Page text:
Flavors Of The Real Italian Countryside

While Polesine Parmense is only 20 miles from the center of Parma, it feels like stepping into a whole new world, where small medieval towns of less than 1,500 inhabitants still thrive around the last Italian medieval castle near the Po River. The gorgeous famous region is also home to peacocks, who stroll freely around the rolling northern Italian countryside, as well as ancient local breeds of farm animals, sprawling vegetable gardens, and orchards full of delicious fruits. History and ancient customs also continue to thrive here, from the traditional farming techniques to the famous Palace aging cellars built in 1320, where cheese—like Parmigiano Reggiano—and wine are still aged and stored. All of these tidbits of history can not only be seen but experienced in the fertile lands of Polesine Parmense.

Your home for the week is a castle originally built nearly 700 years ago, the Antica Corte Pallavicina, which the noble Spigaroli family once lived and then bought back in 1990. Over the past 20-odd years, the family has returned the castle, including the frescos and cellar, to all of its splendor through restoration. Previously home to Maria Luigia the Duchess of Parma in 1700 and farmers and craftsmen in the 19th century, today the relais features six elegant guest bedrooms as well as a suite that spans two floors in the castle towers, providing a true home away from home.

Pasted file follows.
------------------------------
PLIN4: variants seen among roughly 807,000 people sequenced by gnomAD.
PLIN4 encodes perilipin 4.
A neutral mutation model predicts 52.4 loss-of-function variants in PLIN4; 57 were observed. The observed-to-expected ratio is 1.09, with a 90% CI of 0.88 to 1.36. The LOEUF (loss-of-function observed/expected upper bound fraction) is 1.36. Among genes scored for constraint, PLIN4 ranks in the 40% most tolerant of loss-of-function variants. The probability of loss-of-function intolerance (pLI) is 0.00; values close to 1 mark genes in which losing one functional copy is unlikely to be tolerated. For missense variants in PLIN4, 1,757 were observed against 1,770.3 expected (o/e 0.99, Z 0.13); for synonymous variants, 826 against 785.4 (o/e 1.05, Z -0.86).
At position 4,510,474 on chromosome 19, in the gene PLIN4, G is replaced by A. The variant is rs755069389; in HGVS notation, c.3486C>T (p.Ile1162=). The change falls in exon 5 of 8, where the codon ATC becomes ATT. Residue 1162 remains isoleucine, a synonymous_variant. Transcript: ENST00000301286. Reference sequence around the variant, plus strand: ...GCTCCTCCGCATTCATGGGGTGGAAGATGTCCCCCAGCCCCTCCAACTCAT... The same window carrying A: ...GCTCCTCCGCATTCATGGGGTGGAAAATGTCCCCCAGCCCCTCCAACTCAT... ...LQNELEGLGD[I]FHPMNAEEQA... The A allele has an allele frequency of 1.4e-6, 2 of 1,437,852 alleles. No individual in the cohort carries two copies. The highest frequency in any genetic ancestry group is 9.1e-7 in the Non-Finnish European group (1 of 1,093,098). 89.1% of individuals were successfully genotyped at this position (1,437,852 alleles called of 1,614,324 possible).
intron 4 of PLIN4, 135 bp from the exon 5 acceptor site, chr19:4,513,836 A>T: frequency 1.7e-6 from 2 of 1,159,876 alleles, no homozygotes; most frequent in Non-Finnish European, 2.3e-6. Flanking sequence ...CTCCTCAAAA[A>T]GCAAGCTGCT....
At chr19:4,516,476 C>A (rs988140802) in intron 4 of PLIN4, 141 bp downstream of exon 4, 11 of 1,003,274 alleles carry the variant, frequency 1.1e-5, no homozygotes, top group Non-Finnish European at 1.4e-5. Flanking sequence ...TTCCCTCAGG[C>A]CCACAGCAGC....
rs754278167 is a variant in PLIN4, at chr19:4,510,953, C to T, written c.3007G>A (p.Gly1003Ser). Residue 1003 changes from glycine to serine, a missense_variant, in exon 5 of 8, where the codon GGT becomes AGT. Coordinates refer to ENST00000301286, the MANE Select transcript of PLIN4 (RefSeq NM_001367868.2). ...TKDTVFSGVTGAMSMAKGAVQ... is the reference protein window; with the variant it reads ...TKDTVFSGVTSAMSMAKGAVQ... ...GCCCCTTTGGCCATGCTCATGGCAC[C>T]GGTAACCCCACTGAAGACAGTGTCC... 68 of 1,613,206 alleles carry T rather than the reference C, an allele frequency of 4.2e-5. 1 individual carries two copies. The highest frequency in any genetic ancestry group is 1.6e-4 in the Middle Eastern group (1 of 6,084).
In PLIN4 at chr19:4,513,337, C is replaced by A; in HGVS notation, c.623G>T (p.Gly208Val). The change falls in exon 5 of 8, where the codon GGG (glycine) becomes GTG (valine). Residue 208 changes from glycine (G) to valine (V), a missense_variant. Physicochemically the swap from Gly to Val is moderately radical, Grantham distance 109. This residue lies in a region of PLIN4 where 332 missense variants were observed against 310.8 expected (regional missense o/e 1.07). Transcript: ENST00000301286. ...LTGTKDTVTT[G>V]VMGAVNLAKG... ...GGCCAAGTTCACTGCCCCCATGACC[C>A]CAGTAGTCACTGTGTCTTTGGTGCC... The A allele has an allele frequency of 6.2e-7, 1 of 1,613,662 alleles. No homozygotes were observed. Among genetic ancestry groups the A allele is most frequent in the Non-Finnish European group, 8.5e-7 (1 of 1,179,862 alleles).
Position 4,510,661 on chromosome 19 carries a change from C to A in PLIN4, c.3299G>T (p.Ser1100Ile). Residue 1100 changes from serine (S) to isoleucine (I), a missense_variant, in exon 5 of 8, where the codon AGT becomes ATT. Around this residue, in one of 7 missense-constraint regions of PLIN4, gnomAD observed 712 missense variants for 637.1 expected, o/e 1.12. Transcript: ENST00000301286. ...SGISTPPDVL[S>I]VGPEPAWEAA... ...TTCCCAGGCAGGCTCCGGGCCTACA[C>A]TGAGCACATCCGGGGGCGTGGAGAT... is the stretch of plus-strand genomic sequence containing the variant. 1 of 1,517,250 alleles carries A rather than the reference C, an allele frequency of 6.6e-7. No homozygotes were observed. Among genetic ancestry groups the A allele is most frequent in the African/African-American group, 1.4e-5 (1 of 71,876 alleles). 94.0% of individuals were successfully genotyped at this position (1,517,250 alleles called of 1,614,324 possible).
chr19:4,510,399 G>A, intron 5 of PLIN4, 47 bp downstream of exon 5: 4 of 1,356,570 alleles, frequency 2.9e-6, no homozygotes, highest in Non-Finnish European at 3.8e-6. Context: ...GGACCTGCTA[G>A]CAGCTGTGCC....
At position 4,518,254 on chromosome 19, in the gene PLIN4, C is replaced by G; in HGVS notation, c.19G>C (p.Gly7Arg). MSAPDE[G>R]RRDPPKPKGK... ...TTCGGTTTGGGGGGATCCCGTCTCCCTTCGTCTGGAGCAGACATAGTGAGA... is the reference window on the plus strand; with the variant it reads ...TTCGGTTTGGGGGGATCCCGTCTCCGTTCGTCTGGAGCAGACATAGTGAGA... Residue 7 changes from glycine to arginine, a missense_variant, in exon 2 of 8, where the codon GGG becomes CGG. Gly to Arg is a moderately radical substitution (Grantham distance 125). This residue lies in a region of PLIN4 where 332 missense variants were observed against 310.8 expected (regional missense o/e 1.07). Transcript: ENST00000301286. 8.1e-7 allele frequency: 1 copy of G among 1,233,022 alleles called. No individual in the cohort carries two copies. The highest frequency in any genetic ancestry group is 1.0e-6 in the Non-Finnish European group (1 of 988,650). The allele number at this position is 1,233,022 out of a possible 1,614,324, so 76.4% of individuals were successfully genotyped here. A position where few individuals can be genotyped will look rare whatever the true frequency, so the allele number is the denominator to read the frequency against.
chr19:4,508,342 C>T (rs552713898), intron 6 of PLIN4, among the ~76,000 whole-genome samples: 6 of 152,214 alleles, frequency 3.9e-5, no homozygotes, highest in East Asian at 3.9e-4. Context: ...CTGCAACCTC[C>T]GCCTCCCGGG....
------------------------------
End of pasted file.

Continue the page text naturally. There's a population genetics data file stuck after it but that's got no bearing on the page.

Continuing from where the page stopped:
Heading the restaurant and farm is a man considered the King of Parma Hams, Massimo Spigaroli. Not just a chef, Massimo is an artisan who ages everything from his famous culatelli—a slowly cured boneless ham unlike any other salumi you’ve ever tasted—to parmigiano-reggiano in the restored 700-year-old cellar below Antica Corte Pallavicina. With more than 40 years of experience, Massimo offers a unique and memorable experience in European food traditions. He not only runs the 2011 Michelin-rated restaurant on the castle grounds, but is also responsible for the biodynamic farming practices.

Flavors Of The Real Italian Countryside

While Polesine Parmense is only 20 miles from the center of Parma, it feels like stepping into a whole new world, where small medieval towns of less than 1,500 inhabitants still thrive around the last Italian medieval castle near the Po River. The gorgeous famous region is also home to peacocks, who stroll freely around the rolling northern Italian countryside, as well as ancient local breeds of farm animals, sprawling vegetable gardens, and orchards full of delicious fruits. History and ancient customs also continue to thrive here, from the traditional farming techniques to the famous Palace aging cellars built in 1320, where cheese—like Parmigiano Reggiano—and wine are still aged and stored. All of these tidbits of history can not only be seen but experienced in the fertile lands of Polesine Parmense.

Your home for the week is a castle originally built nearly 700 years ago, the Antica Corte Pallavicina, which the noble Spigaroli family once lived and then bought back in 1990. Over the past 20-odd years, the family has returned the castle, including the frescos and cellar, to all of its splendor through restoration. Previously home to Maria Luigia the Duchess of Parma in 1700 and farmers and craftsmen in the 19th century, today the relais features six elegant guest bedrooms as well as a suite that spans two floors in the castle towers, providing a true home away from home.